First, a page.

And Prejudice Essay, Research Paper
Jane Austen s novel about the upper-middle class of English society, Pride and Prejudice, was originally entitled First Impressions. The aptness of this original title is accentuated by the appreciation of how Jane Austen makes the reader aware of the temperaments and personalities of each of the characters. She does this by using each character s external social behavior as an indication of the internal moral and psychological condition of that character. At the introduction of every character, she allows us to see their true temperament through the way they interact with their company. At each first impression we are immediately given a keen insight into the personality of the character.
The first time we meet Fitzwilliam Darcy we are immediately made aware of his nature through his external behavior, which includes dialogue. We first meet him at a ball at Meryton, where he haughtily refuses to dance with or even be introduced to any of the townspeople. His reasoning for this, as he explains to his friend, Charles Bingley, is because he obviously feels socially superior to the people present. He is perceived, understandably, as harsh, conceited, unpleasant, and as the proudest, most disagreeable man in the world . His social behavior clearly show his internal condition because Austen, in keeping with her first impression approach, clearly makes no pretenses about what kind of a person he is.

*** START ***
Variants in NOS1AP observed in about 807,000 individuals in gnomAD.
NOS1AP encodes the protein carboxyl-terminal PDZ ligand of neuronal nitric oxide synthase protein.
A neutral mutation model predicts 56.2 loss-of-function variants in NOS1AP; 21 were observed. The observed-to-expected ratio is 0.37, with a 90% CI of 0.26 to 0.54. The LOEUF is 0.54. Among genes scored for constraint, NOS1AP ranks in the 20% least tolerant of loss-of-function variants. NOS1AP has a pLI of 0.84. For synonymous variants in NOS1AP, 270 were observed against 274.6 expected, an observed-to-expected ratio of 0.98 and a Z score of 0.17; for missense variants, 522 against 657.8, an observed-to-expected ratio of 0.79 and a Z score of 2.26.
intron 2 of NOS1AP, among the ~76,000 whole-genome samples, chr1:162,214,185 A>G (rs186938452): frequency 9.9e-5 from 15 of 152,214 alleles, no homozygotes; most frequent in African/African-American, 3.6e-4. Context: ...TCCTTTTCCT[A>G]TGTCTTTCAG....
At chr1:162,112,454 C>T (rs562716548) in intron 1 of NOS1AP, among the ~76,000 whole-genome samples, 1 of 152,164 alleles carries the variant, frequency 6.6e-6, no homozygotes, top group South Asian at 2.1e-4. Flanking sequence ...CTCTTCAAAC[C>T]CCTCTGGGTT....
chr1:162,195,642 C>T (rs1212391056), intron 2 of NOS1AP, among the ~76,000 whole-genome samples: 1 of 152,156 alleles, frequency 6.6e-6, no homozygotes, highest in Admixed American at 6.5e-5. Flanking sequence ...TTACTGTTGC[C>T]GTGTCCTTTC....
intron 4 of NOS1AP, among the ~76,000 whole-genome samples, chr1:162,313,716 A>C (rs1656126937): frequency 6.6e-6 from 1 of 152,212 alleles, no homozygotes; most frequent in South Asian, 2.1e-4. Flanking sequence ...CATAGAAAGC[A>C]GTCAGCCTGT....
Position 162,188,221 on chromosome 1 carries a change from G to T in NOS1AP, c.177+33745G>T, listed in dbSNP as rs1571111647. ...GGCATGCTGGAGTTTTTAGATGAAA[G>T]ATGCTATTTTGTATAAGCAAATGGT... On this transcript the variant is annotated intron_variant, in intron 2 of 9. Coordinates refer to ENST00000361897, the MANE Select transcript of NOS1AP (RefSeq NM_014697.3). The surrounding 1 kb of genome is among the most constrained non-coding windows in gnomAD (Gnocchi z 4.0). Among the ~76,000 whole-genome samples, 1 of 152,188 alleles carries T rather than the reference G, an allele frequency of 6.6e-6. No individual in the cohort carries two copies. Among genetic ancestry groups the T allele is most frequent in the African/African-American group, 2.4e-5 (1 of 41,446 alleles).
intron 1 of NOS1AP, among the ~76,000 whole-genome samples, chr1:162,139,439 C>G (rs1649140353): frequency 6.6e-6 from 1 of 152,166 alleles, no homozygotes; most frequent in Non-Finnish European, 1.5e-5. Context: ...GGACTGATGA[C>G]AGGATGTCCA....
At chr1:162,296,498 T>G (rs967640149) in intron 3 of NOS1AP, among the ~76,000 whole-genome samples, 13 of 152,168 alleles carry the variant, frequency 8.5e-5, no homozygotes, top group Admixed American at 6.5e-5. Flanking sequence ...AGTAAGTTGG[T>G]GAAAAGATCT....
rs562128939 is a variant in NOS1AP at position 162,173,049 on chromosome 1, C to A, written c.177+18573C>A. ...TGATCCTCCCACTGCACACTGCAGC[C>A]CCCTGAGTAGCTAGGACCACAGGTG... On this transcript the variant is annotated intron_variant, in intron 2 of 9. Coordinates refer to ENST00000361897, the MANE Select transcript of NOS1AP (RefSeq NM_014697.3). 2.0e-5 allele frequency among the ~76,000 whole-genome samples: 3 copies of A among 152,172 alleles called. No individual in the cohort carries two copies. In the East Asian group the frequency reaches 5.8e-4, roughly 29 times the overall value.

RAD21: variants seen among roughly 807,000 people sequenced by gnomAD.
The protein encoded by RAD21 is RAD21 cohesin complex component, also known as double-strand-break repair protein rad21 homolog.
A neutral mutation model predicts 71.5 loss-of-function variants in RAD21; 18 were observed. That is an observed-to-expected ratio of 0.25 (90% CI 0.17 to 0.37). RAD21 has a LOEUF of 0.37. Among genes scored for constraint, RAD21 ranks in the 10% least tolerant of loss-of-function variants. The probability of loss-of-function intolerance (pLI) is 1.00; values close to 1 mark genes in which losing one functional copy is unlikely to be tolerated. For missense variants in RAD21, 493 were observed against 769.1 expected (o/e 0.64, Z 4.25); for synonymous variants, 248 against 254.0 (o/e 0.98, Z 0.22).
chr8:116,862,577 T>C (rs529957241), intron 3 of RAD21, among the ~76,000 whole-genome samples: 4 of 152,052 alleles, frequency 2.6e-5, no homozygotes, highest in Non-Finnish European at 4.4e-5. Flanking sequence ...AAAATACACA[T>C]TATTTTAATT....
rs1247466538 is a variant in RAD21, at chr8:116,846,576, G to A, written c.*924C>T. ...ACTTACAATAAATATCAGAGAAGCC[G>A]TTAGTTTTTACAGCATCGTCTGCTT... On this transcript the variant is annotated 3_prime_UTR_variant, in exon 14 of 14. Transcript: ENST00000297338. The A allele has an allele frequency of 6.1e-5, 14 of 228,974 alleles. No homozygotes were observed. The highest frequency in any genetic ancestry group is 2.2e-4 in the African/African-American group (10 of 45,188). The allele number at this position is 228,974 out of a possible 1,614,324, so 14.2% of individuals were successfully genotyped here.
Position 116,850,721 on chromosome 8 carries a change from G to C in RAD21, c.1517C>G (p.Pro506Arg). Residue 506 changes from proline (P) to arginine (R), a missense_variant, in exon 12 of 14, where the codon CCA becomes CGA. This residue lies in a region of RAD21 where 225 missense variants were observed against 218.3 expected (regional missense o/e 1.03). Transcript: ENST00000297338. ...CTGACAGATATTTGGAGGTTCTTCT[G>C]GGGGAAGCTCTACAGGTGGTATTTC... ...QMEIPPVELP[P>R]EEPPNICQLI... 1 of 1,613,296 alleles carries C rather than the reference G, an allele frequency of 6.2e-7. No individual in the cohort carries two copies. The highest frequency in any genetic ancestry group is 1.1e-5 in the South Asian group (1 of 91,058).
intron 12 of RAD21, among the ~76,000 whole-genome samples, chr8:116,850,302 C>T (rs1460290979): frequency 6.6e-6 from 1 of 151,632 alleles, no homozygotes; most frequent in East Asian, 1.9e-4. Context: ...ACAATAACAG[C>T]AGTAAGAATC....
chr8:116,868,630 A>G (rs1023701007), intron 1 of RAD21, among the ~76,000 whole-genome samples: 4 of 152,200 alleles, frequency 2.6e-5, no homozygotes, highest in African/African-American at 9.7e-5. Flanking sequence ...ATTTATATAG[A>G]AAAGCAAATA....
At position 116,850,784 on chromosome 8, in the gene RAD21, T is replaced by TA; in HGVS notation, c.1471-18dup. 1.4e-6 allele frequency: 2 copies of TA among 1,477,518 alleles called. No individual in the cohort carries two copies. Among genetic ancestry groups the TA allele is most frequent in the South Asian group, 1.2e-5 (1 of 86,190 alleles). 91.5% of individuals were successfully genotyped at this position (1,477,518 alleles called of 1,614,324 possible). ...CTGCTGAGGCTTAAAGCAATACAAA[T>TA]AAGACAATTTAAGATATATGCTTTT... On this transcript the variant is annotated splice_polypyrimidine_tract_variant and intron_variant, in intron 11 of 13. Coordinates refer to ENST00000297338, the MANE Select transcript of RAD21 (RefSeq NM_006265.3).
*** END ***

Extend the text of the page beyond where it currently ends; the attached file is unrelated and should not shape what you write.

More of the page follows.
Jane Bennet and Charles Bingley are both static characters who share amiable, cheerful and good-natured dispositions throughout the novel. Bingley, like Darcy, is first introduced as a major character at the Merton ball, where he proves himself a thorough gentleman with a completely likable nature. In the conversation between he and Darcy, he urges his aloof friend to be friendlier toward the other guests. Though he is unsuccessful, he nevertheless exhibits to the reader his caring persona and his general contrast to Darcy. In terms of personality everything that Darcy is, Bingley is not.
Jane s true disposition is not learned until after the ball during the conversation between she and her sister, Elizabeth Bennet. They are discussing the events of the ball. We see Jane s sweet and modest personality. She comes off as very sweet-tempered, slow to judge, and always seeking for the best in every one she meets. Despite Darcy s obvious and blatant ill humor at the ball, she refuses to dislike him.
Elizabeth Bennet, the protagonist of the novel, is also introduced in this conversation. She is the foil for her sister s blind admiration of everyone around her, judging people logically and with very little objectivity. She is an intelligent and lively person, who is confident and clear in what her opinions are. She is quick to judge, but is neither harsh nor overly compassionate in her conclusions; a middling between Darcy s harshness and Jane s clemency.
The personalities in this novel are developed quickly and decisively. As soon as each character is introduced, he is explained, providing a smooth and rapidly paced structure that carries the reader logically yet subtly through the exposition. Austen does not include any facades or pretenses as to who each person truly is.